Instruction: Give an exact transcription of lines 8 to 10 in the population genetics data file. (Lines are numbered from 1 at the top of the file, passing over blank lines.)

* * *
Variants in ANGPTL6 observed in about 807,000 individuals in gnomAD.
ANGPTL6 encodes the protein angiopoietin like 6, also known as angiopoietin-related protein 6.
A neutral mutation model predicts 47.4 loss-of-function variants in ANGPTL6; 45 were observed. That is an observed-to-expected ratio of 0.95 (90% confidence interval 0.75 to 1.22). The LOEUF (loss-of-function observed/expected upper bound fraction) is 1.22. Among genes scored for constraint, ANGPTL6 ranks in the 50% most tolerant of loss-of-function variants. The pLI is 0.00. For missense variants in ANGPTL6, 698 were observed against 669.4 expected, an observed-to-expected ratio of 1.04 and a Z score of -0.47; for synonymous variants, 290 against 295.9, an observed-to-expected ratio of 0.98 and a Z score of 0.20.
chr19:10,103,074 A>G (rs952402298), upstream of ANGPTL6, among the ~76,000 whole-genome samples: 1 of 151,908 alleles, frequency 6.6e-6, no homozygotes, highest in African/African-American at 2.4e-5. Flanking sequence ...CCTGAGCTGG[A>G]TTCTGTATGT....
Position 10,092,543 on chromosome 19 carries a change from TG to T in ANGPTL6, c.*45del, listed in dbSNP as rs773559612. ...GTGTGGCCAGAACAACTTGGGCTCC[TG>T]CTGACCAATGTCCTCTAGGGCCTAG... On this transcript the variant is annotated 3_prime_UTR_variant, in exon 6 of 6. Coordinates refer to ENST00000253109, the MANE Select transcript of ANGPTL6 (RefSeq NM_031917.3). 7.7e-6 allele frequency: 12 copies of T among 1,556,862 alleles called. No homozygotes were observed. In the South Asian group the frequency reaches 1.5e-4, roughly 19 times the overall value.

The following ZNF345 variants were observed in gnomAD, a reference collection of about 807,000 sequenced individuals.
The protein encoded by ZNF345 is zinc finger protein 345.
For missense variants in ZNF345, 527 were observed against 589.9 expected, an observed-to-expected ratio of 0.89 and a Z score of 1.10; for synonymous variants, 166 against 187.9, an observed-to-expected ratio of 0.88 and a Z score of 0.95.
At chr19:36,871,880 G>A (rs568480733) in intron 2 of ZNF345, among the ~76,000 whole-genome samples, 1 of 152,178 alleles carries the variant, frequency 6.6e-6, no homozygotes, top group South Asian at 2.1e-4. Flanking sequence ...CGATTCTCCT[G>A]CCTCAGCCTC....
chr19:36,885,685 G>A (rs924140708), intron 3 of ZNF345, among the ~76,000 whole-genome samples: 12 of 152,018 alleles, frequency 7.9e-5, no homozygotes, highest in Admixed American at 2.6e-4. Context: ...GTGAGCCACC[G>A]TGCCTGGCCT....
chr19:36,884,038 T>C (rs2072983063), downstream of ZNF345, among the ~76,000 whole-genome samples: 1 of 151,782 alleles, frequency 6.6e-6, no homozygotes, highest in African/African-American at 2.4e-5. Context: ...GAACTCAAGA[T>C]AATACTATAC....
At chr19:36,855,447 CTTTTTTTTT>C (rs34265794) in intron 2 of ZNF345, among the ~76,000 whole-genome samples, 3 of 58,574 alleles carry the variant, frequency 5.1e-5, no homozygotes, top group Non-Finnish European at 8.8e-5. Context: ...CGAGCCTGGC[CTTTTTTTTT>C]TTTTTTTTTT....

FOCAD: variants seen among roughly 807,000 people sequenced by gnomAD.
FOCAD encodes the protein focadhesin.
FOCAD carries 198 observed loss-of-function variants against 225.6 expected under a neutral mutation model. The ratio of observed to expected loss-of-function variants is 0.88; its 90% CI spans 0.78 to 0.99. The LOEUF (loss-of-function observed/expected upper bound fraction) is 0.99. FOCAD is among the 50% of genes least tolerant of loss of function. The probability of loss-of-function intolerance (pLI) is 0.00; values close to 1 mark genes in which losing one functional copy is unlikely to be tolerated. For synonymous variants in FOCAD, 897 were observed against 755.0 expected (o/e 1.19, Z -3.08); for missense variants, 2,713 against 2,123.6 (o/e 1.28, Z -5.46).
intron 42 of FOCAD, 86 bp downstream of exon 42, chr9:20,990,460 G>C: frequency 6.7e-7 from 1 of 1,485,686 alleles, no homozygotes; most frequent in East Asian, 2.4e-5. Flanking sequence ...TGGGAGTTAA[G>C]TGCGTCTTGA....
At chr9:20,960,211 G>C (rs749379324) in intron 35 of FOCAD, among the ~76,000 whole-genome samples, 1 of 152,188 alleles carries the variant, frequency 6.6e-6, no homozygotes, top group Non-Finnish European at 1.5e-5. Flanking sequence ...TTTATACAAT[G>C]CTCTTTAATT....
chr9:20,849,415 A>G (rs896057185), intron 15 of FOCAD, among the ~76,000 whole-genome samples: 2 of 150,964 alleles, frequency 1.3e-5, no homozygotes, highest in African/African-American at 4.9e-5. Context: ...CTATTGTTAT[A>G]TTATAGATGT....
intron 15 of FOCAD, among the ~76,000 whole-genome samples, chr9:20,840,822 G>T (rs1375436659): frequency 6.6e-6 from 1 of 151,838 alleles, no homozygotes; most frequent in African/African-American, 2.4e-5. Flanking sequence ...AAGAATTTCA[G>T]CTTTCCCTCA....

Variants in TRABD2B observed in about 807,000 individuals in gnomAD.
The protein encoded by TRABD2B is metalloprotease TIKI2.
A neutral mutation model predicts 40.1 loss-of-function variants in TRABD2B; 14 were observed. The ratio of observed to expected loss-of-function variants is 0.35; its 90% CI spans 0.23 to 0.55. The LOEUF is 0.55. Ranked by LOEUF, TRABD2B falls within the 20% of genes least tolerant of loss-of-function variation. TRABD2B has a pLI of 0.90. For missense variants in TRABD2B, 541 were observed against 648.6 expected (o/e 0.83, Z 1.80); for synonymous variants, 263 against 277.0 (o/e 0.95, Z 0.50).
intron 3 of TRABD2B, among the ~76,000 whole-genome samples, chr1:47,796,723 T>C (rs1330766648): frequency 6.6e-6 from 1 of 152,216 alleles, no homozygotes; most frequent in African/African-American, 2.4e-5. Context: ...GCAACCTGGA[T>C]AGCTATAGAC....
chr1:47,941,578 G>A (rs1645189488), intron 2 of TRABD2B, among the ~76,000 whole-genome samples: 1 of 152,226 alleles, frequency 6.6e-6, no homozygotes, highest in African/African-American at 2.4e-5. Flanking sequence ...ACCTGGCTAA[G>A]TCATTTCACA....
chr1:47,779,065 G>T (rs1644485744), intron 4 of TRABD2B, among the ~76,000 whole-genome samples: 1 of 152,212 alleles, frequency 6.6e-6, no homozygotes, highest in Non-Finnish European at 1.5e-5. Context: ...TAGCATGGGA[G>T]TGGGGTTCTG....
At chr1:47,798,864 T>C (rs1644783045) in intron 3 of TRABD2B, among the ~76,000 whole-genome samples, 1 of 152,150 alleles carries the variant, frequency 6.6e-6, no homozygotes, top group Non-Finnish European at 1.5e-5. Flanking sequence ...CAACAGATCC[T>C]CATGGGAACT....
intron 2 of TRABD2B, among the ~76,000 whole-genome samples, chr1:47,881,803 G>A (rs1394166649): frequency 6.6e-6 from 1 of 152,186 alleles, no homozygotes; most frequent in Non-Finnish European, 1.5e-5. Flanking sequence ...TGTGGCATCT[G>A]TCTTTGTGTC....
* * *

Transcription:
For missense variants in ZNF345, 527 were observed against 589.9 expected, an observed-to-expected ratio of 0.89 and a Z score of 1.10; for synonymous variants, 166 against 187.9, an observed-to-expected ratio of 0.88 and a Z score of 0.95.
At chr19:36,871,880 G>A (rs568480733) in intron 2 of ZNF345, among the ~76,000 whole-genome samples, 1 of 152,178 alleles carries the variant, frequency 6.6e-6, no homozygotes, top group South Asian at 2.1e-4. Flanking sequence ...CGATTCTCCT[G>A]CCTCAGCCTC....
chr19:36,885,685 G>A (rs924140708), intron 3 of ZNF345, among the ~76,000 whole-genome samples: 12 of 152,018 alleles, frequency 7.9e-5, no homozygotes, highest in Admixed American at 2.6e-4. Context: ...GTGAGCCACC[G>A]TGCCTGGCCT....